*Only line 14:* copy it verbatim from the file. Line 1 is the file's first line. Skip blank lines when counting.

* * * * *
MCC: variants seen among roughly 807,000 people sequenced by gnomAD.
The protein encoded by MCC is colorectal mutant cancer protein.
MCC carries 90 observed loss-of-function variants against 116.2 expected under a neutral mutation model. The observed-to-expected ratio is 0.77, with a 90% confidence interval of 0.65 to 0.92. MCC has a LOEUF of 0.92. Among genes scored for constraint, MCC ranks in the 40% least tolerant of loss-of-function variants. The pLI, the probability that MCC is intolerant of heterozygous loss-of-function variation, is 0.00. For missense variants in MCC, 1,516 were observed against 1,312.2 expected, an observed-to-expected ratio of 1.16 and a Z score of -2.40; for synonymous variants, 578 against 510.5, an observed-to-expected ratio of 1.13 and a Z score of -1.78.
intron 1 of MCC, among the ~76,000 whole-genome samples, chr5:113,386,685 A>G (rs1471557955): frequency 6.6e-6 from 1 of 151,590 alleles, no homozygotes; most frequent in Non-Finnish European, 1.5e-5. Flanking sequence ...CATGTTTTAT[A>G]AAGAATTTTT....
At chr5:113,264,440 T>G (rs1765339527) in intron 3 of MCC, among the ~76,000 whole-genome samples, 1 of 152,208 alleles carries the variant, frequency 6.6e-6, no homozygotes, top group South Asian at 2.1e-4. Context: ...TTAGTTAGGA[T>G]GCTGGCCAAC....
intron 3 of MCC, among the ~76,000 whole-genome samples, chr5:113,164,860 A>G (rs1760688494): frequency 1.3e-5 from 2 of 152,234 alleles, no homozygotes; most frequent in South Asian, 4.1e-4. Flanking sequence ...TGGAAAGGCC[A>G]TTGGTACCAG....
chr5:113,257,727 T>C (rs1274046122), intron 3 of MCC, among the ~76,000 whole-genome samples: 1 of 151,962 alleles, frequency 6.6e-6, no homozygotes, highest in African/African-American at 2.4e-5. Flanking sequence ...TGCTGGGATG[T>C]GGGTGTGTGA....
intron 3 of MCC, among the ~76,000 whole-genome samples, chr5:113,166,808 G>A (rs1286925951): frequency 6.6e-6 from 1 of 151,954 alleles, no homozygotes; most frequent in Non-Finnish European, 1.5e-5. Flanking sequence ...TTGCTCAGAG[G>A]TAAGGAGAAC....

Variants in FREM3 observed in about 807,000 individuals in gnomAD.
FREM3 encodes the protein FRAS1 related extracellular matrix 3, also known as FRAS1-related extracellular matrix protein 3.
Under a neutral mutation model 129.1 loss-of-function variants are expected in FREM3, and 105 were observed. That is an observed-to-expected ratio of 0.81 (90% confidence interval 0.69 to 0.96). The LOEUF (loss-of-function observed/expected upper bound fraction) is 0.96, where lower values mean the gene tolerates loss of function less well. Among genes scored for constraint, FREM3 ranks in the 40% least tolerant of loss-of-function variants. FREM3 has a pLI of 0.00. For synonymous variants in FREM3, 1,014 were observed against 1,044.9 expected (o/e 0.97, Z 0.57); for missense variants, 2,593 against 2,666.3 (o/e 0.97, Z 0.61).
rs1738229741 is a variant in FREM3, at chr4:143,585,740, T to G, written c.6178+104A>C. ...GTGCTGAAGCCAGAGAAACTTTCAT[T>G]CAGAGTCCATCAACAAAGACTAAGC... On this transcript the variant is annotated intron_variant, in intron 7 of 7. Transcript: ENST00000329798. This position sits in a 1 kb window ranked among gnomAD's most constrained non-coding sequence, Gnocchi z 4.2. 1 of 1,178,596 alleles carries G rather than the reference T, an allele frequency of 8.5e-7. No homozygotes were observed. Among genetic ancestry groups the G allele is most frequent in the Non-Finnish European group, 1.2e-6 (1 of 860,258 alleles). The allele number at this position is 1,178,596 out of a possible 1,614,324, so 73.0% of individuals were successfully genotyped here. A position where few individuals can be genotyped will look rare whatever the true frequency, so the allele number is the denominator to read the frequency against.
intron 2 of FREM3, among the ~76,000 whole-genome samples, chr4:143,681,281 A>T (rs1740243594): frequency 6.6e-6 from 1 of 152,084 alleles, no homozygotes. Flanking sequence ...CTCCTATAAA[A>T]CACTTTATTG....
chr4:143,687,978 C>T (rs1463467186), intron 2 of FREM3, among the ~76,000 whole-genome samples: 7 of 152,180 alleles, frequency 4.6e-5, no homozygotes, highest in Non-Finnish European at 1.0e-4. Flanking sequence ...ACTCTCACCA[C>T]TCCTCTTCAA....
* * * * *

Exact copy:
chr4:143,687,978 C>T (rs1463467186), intron 2 of FREM3, among the ~76,000 whole-genome samples: 7 of 152,180 alleles, frequency 4.6e-5, no homozygotes, highest in Non-Finnish European at 1.0e-4. Flanking sequence ...ACTCTCACCA[C>T]TCCTCTTCAA....